After a bevy of malware with ‘Brexit’ in its title and code, a new strain of ransomware is doing rounds, encrypting files and appending them with the extension “.SaveTheQueen”. The ransomware tracks its progress using the SYSVOL share on Active Directory Domain Controllers, found researchers at Varonis.
“This ransomware came to light when one of Varonis’s customers, an EU company with over 10k users in the business services sector, was alerted to unusual behaviour by an end user. Their activity was not typical for that particular user, so it raised a red flag for further investigation,” Varonis researcher Dolev Taler told SC Media UK.
The attacker injected the malware into winlogon.exe, which is a normal process that runs on the victim machine as part of Windows. It is likely that the attacker has obtained and used domain admin privileges to write files to SYSVOL. The attacker ran PowerShell code on the infected hosts that created a scheduled task to open, decode and run the malware, explained a Varonis blog post.
By injecting the malware into a normal process, it becomes harder for security teams and software to detect, said the researcher. ConfuserEx was used to protect the ransomware from detection and analysis. Even if detected, ConfuserEx makes it harder to figure out what the ransomware was doing, he explained.
The disclosure comes at a time when ransomware gangs are resorting to naming and shaming their target companies by leaking confidential data as a threat tactic, to curb the growing tendency to not pay up.
SC Media UK reported in December 2019 that Maze ransomware operators are planning to publish data stolen from victims who refuse to pay up. A month later, the ransomware operators published data stolen from Medical Diagnostic Laboratories (MDLab) after the company refused to pay the 200 bitcoin ransom (close to £1.4 million).
A minimum of five law firms were held hostage by the Maze group in late January and early February, reported Emisoft. The total number of organisations held for ransom range between 45 to 180 in January, the report added.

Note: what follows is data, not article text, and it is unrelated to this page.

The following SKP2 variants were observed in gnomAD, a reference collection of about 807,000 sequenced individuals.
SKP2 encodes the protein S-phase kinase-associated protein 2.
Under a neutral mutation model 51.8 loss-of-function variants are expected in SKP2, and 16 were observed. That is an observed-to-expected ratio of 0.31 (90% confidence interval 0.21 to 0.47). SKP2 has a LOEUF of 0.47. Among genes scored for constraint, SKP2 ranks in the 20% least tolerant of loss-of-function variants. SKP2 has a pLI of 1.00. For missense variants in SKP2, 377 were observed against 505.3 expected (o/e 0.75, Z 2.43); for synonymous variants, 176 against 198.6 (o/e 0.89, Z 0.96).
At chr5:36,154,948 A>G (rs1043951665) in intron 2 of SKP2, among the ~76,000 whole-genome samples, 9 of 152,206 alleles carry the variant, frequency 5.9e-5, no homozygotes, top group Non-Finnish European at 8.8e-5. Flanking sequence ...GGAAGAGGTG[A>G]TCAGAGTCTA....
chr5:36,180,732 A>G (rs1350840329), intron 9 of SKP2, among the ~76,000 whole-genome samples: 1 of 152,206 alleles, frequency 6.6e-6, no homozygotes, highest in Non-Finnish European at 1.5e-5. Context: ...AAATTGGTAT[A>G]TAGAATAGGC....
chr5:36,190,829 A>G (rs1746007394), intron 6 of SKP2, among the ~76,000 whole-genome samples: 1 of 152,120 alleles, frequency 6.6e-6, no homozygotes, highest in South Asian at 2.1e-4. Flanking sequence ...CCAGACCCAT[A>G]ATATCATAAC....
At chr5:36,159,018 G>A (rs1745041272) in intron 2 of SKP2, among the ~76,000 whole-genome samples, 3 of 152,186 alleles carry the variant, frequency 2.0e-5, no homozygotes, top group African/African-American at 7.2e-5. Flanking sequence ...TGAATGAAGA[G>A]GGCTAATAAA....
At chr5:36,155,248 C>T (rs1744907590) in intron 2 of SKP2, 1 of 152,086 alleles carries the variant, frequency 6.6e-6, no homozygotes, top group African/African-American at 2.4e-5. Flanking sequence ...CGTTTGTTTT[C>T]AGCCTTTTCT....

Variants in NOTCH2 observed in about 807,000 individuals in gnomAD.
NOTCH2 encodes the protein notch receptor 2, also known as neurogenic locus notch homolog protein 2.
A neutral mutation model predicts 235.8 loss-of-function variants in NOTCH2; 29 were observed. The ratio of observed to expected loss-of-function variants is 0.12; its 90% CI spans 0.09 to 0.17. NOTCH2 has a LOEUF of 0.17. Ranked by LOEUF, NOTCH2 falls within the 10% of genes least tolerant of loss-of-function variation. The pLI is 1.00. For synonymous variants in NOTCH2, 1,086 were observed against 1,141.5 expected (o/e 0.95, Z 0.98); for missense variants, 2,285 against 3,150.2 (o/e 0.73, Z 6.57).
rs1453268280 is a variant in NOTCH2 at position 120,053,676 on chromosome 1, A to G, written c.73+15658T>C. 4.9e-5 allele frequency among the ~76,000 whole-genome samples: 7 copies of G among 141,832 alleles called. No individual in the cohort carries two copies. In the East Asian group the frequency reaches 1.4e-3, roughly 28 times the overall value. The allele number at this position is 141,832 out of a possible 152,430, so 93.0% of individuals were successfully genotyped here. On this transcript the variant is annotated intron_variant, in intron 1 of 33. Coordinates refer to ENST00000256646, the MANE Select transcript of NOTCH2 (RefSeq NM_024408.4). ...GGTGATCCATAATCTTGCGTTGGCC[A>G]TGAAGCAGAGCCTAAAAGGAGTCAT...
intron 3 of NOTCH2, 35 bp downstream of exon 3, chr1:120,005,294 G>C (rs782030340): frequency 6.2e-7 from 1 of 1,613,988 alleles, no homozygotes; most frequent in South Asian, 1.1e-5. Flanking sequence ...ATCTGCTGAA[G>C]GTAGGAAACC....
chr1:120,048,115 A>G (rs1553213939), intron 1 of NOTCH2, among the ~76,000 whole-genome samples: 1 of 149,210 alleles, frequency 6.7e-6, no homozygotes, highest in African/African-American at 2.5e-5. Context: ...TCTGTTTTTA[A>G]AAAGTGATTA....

“Ransomware tactics are becoming extremely perilous by leaving the victims with no solution other than having to pay the ransom. Previously, most of the ransomware campaigns were merely hindering victims' daily operations, as organisations with daily backups and other important cyber-security processes managed to recover pretty quickly and without many losses,” commented Immuniweb founder and CEO Ilia Kolochenko.
“Moreover, some organisations did not even report such incidents to avoid potential fines and lawsuits. Now such incidents have become an invitation to file a class action by the victims and prosecution of careless organisations by competent law enforcement agencies”.
Varonis did not disclose whether the target organisation received a ransom call.
“What’s interesting is that it uses the company’s own Active Directory domain controllers to spread the ransomware within the organisation. Had this slipped under the radar, thousands of machines could've been encrypted due to its fast-spreading nature,” he pointed out.
This particular strain of ransomware is not new, neither is the practice of naming them in line with the trending terms in news, such as Coronavirus (COVID-19) and Oscar-nominated movies. the distribution method involving the domain controller makes it interesting and alarming, as this puts the attackers in a position to do a lot of damage, said Taler.
An online search showed advisories from several antivirus vendors on steps to deactivate the ransomware.
“The attacker used advanced obfuscation techniques that made the malware very evasive and hard to detect by conventional methods (signatures, etc). Fortunately, this particular organisation could detect the threat based on the infected user’s deviation from normal behaviour,” Taler said.
“A smaller, less prepared organisation could easily be been crippled by SaveTheQueen,” he added.
The new generation of malware will likely change largely ignorant behavior of many organisations that consider cyber-racketeers undeserving of their attention, observed Kolochenko.
“Taking legal action against the criminals is virtually futile, given that they are located in faraway jurisdictions and are judgement-proof. Moreover, attempts to eradicate stolen data from the internet may result in a Streisand effect and further exacerbate damages,” he warned.